Create Your Own Drug and Alcohol Workplace Testing Policy
OPTION – 1) The U.S. Department of Labor’s Working Partners for an Alcohol and Drug-Free Workplace Program Advisory assists users to build tailored drug-free workplace policies and provides guidance on how to develop a comprehensive drug-free workplace program.(Free) ELaw Drug-Free Workplace Advisor www.dol.gov/elaws/drugfree.htm
OPTION – 2) Use our SAMPLE D&A (Drug and Alcohol Testing) Policy. Our MS Word editable version is offered here (DOWNLOAD)
* More details about the D&A Policy below
Make Sure You Have a Well Thought-out
Drug & Alcohol Testing Workplace
Program and Policy
Many companies and public agencies pre-employment test job applicants for illegal drug use as part of the employment hiring process.
In addition, employees may be screened for drug and/or alcohol use where permitted or even required by state and federal law such as those laws relating to commercial truck and bus drivers.
Below is a very short and informative article that summaries the basics and benefits of a Drug Free Workplace and a Drug and Alcohol Testing Workplace Program: How do EMPLOYERS benefit from Drug-free Work Place (PDF)
So make sure you have a well thought-out company drug and alcohol testing policy before it’s implemented.
The following are a few things to remember and some ways for a company/government agency to implement a drug and alcohol testing program through a policy.
- This first is through the U.S. Dept. of Labor’s Workplace Advisory website.
- The second is an updated (March 2014) sample company/agency drug testing policy that details how and under what circumstances job applicants and employees may be tested for drug and alcohol use.
Please Note: There is no substitute for your own legal counsel to advise you on a company policy, but when one is not available these policy options below may help you understand and protect your company with the liabilities associated with a drug and alcohol testing program.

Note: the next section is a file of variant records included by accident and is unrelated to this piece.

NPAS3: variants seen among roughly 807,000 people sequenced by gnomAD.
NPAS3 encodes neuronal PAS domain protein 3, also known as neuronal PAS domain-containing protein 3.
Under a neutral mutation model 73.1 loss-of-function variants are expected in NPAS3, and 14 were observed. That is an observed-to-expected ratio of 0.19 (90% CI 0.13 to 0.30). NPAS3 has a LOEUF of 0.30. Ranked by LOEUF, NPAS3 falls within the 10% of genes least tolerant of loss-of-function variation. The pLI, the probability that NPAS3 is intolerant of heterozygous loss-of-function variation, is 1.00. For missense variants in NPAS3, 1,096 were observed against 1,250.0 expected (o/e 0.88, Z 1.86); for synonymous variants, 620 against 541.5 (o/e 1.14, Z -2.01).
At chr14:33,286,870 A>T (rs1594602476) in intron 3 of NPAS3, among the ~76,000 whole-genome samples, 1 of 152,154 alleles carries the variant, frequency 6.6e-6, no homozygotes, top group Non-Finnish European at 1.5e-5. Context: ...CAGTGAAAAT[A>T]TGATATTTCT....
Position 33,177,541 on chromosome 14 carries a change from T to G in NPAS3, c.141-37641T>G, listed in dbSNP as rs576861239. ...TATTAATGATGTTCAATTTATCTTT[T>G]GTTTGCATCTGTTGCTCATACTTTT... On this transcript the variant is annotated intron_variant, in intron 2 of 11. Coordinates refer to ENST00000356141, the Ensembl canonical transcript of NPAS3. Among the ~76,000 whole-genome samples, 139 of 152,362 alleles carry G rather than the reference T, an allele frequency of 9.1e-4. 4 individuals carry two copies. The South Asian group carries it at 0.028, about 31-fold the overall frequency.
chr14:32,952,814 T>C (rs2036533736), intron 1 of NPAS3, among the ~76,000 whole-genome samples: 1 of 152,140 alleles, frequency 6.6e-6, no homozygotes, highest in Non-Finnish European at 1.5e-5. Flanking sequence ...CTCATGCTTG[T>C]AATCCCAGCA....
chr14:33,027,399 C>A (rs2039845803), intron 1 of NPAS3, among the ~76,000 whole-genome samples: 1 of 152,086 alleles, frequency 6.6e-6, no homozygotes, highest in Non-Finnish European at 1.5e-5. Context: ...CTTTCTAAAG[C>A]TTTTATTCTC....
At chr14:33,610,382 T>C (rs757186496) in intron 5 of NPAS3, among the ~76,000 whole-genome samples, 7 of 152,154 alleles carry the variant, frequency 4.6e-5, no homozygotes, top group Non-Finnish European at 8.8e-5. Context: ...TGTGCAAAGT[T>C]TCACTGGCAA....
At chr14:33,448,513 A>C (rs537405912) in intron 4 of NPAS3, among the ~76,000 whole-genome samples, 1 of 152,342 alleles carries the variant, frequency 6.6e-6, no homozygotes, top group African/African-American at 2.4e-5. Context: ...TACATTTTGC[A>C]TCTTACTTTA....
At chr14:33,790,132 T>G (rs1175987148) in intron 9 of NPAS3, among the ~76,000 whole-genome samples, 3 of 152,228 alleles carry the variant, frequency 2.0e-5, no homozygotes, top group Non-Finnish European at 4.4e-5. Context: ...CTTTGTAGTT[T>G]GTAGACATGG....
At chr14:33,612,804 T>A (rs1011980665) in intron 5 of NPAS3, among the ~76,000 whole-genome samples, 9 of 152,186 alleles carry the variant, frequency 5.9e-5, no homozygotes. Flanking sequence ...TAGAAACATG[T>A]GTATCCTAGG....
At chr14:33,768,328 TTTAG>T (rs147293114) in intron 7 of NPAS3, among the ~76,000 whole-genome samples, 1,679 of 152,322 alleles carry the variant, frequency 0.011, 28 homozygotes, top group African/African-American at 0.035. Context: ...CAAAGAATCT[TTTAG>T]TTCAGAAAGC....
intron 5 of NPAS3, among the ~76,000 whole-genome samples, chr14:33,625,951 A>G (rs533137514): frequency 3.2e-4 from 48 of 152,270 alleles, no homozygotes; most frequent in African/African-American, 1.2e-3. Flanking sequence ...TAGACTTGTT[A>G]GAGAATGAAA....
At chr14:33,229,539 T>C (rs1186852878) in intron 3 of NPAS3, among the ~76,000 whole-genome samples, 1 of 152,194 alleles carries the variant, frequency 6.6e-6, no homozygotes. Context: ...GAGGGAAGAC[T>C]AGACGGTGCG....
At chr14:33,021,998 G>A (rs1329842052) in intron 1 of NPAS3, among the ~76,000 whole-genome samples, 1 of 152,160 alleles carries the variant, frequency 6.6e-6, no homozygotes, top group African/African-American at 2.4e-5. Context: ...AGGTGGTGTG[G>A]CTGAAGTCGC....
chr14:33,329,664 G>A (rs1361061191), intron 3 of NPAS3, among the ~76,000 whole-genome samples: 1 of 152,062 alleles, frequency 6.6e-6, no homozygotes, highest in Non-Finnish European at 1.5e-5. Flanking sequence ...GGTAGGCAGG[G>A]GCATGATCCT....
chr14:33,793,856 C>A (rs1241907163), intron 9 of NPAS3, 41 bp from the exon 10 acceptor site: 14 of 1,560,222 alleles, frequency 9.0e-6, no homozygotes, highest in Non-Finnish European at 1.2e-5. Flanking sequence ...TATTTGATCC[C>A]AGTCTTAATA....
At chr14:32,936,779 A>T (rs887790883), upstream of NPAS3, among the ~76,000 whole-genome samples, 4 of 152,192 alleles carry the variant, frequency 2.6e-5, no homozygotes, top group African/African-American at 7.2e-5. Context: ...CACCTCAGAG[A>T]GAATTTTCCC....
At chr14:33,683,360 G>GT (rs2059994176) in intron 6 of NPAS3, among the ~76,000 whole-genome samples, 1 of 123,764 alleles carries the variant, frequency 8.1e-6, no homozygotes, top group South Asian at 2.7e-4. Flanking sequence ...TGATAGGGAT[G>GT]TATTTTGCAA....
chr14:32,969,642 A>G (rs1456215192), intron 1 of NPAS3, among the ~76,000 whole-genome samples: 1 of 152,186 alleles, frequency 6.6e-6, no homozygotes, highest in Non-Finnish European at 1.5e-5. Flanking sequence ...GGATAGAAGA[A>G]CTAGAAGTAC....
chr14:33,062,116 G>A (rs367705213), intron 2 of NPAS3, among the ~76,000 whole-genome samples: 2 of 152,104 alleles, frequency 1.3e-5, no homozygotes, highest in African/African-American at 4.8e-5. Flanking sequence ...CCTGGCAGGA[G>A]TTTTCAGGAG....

DETAILS ON THE TWO OPTIONS
OPTION – 1) The U.S. DOL ELaws Drug-Free Workplace Advisor
This Advisor assists users to build tailored drug-free workplace policies including guidance on how to develop a comprehensive drug-free workplace programs. It also provides information about coverage and requirements of the Drug-Free Workplace Act of 1988. The Drug-Free Workplace Advisor is one of a series of ELaws (Employment Laws Assistance for Workers and Small Businesses) Advisors developed by the U.S. Department of Labor (DOL) to help employers and employees understand their rights and responsibilities under federal employment laws.
To view the entire list of ELaws Advisors please visit the elaws website.
- For a Custom Drug Free Workplace Policy: See the Builder here: http://www.dol.gov/elaws/drugfree.htm
OPTION – 2) Want to “Do It Yourself” We Can Help!
If you employ safety-sensitive workers or you manage a DOT drug or alcohol testing program, this “Supplemental Drug & Alcohol Testing Workplace Policy” can help you develop an excellent program that meets DOT and local law enforcement requirements.